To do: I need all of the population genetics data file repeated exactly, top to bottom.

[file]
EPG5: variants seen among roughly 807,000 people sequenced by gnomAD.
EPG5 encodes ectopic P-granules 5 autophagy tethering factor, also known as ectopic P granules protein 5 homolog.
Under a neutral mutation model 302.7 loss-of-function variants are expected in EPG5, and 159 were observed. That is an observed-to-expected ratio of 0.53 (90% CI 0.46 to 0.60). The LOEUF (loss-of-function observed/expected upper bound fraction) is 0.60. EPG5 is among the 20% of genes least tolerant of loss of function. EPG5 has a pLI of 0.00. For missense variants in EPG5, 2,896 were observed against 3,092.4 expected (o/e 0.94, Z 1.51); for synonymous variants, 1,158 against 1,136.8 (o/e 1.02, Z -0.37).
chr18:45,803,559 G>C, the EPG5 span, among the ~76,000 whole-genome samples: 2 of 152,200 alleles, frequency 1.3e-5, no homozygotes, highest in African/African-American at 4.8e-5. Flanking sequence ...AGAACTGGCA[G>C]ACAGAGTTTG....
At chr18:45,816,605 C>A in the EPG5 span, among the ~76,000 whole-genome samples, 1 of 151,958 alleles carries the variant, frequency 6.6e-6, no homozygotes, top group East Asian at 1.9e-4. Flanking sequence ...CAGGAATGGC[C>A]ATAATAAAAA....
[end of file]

EPG5: variants seen among roughly 807,000 people sequenced by gnomAD.
EPG5 encodes ectopic P-granules 5 autophagy tethering factor, also known as ectopic P granules protein 5 homolog.
Under a neutral mutation model 302.7 loss-of-function variants are expected in EPG5, and 159 were observed. That is an observed-to-expected ratio of 0.53 (90% CI 0.46 to 0.60). The LOEUF (loss-of-function observed/expected upper bound fraction) is 0.60. EPG5 is among the 20% of genes least tolerant of loss of function. EPG5 has a pLI of 0.00. For missense variants in EPG5, 2,896 were observed against 3,092.4 expected (o/e 0.94, Z 1.51); for synonymous variants, 1,158 against 1,136.8 (o/e 1.02, Z -0.37).
chr18:45,803,559 G>C, the EPG5 span, among the ~76,000 whole-genome samples: 2 of 152,200 alleles, frequency 1.3e-5, no homozygotes, highest in African/African-American at 4.8e-5. Flanking sequence ...AGAACTGGCA[G>C]ACAGAGTTTG....
At chr18:45,816,605 C>A in the EPG5 span, among the ~76,000 whole-genome samples, 1 of 151,958 alleles carries the variant, frequency 6.6e-6, no homozygotes, top group East Asian at 1.9e-4. Flanking sequence ...CAGGAATGGC[C>A]ATAATAAAAA....